Mr. Irvine Hockaday is on the boards of Ford Motor Company and Estee Lauder. He was the President and CEO of Hallmark from 1986 to 2001.
24/7 Wall St.’s Douglas McIntyre and Michael Sauter sat down with Mr. Hockaday at the NACD Directorship Forum: “Driving Boardroom Innovation” to discuss corporate governance.
24/7 Wall St.: There’s a practice which has been more criticized recently: Say that you are a director of a public company, and I come in and buy a large number of shares. I cut a deal where I get some board seats and the election of these new members is done by the board in mid-year. From a fiduciary standpoint, do you think that there’s anything wrong with breaking the annual nomination cycle that way and saying “we made a deal, we decided that these guys should come on the board.” The reason usually given is because the people who want the directors’ seats have a large piece of the company. The unstated reason is that they’ve forced the issue of control. From your standpoint, from a governance point of view, is that reasonable?
Hockaday: That’s an interesting question. My own view is that it’s not a good precedent to set, and therefore shouldn’t be agreed to unless the circumstances are unusually compelling. Normally what happens is an investor will accumulate shares and then come to you after they’ve been accumulated, is that what you’re talking about?
24/7: Yes. sometimes it’s an accumulation, sometimes it’s a threat of more accumulation. But in every case it’s leverage.
Hockaday: I would not… I’ve had a situation like that, and I would not acquiesce under threat. Now, one case is when I was on the Sprint board, there’s an investment outfit called Relational Investors. Ralph Whitworth was the top guy there. He accumulated a lot of shares of Sprint stock, and I was a director, We said he would have to go through the normal process with the nominating committee and be vetted, and, frankly, we would have to be satisfied that he wasn’t looking for special treatment. It’s also the case, from the investor point of view, that once this kind of outsider investors get on the board they are more constrained than they are when they are not on the board because they can’t trade on insider information. But, to be blackmailed or greenmailed into putting somebody on the board because they bought stock and therefore think they are entitled to be on the board, I’m not in favor of. One interesting question would be: the UAW owns a lot of GM stock, and so should they go to GM and say, ‘Well, we want more representation on your board, and should GM say ‘well, you’re a big shareholder. That’s OK? I would say that it is not OK in my opinion.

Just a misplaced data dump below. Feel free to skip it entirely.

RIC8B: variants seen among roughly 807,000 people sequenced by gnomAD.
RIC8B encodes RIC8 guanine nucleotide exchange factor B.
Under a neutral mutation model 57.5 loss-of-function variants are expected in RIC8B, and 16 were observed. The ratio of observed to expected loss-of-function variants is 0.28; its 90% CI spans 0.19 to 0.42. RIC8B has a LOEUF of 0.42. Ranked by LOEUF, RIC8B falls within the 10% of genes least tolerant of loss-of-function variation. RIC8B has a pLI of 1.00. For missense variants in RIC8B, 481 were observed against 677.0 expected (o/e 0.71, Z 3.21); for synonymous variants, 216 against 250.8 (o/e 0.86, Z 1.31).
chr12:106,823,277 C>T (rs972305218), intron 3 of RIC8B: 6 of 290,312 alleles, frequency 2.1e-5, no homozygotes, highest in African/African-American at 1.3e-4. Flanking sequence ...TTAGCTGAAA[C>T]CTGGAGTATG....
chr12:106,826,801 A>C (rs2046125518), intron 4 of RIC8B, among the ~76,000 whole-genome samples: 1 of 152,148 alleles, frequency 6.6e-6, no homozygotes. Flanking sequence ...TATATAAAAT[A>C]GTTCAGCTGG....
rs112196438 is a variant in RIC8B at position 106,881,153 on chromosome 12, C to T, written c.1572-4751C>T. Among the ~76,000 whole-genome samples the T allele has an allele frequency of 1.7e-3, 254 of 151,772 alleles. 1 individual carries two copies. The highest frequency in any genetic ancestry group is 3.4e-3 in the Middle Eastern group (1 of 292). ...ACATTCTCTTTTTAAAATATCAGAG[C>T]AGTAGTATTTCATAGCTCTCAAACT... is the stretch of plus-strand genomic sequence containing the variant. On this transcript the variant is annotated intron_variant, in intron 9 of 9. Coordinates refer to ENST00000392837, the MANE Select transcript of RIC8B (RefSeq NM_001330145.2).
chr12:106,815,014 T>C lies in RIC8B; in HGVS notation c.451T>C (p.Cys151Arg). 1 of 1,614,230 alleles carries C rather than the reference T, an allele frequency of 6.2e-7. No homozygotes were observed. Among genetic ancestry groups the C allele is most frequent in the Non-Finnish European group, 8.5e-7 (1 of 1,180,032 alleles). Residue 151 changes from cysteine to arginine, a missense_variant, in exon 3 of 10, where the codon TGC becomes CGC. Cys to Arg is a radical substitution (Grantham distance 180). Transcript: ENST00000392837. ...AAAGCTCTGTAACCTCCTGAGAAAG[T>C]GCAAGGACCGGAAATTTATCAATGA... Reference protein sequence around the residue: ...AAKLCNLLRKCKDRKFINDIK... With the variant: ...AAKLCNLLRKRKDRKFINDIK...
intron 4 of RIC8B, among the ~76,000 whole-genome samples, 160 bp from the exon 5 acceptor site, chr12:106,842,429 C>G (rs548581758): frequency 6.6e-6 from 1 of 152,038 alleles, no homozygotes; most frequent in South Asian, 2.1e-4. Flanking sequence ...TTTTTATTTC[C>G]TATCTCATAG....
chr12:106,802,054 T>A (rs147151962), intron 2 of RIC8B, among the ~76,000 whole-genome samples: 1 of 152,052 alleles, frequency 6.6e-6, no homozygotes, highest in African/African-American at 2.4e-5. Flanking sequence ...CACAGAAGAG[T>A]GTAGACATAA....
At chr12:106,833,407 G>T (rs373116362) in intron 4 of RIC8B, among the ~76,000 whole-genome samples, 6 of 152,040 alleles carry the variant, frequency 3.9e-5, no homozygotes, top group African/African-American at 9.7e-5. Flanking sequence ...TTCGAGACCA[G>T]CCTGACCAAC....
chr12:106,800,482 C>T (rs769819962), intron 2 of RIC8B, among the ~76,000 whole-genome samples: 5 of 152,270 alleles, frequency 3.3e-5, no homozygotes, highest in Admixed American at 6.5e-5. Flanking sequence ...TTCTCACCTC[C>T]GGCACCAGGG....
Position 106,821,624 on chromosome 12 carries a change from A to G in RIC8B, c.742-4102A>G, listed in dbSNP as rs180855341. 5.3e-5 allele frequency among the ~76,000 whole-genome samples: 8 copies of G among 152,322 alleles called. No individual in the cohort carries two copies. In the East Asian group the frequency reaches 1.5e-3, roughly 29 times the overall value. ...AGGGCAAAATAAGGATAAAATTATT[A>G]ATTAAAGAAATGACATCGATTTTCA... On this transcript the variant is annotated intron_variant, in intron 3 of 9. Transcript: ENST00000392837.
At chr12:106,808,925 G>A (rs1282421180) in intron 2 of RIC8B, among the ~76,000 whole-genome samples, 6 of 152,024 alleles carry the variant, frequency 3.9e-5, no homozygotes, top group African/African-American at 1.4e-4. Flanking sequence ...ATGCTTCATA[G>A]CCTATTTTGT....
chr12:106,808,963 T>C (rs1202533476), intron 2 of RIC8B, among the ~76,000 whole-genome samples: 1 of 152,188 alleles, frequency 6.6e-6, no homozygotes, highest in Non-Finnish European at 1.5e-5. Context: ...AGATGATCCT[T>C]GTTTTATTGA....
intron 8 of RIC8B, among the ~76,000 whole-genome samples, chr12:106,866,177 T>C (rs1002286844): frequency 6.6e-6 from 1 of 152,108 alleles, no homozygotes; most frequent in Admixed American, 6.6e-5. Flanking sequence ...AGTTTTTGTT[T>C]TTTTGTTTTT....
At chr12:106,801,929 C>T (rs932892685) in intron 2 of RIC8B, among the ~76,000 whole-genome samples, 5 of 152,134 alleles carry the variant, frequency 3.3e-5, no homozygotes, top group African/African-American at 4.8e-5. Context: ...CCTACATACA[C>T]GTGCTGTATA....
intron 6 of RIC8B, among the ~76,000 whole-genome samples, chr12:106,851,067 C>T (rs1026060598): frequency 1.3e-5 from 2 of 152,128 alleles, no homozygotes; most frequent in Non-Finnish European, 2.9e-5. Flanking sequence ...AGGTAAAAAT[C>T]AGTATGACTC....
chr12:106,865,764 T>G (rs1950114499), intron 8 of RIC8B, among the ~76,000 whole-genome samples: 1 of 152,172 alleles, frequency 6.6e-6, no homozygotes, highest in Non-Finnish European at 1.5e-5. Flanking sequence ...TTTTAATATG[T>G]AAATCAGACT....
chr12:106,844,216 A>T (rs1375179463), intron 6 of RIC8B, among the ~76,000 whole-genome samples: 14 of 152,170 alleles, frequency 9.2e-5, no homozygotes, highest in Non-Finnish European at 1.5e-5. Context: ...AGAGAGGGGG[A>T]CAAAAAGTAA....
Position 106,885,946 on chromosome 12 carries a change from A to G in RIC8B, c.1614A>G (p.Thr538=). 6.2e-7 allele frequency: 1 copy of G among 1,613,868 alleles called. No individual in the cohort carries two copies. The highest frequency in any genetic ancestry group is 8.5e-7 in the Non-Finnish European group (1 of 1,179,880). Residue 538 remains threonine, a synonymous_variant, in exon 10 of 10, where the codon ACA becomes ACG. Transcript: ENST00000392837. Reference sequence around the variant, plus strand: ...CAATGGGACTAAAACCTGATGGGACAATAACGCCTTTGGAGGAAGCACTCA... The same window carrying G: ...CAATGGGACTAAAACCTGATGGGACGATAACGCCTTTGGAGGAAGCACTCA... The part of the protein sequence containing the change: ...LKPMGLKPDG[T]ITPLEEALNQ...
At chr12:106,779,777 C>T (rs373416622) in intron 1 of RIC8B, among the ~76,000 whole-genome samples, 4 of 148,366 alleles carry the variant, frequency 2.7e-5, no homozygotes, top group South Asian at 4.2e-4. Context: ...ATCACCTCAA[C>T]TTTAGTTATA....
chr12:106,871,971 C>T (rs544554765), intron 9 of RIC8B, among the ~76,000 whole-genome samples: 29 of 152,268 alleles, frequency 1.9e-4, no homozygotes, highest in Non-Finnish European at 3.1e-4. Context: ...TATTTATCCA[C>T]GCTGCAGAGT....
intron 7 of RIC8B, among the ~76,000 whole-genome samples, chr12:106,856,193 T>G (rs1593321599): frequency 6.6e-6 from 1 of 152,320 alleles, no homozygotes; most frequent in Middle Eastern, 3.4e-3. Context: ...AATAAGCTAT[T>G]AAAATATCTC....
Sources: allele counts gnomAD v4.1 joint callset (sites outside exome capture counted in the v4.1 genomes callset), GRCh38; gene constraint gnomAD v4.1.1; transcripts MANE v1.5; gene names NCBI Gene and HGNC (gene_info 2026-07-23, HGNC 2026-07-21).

24/7 : On “Say on pay?” The government’s made a decision that shareholders have a right to vote on management compensation, For the public two things about the plan are odd. The first one is the fight over whether the shareholders vote on the issue every year or every three years. That seems misplaced because management gets paid every year. But the other issue is that the compensation vote is not binding. So what’s the point?
Hockaday: Yeah, well my guess is that the point is to give visibility–perhaps in Washington and perhaps with institutional shareholders who then can beat the drum about what they view as excessive pay. It becomes a public’s debate every year or every couple of years that shareholders want to say on executive pay. Typically they wouldn’t want a say unless they felt something was wrong with it. I think the shareholder vote on pay is just to create visibility. I don’t think it is yet a significant factor in compensation committees. I think compensation committees should do the appropriate thing, which is hard to define, regardless of what’s being said. I think there’s a tendency under pressure for boards to become … I don’t want to say “abdicate” … but become vulnerable to influence to get the heat off and less independent in doing what they think is the right thing.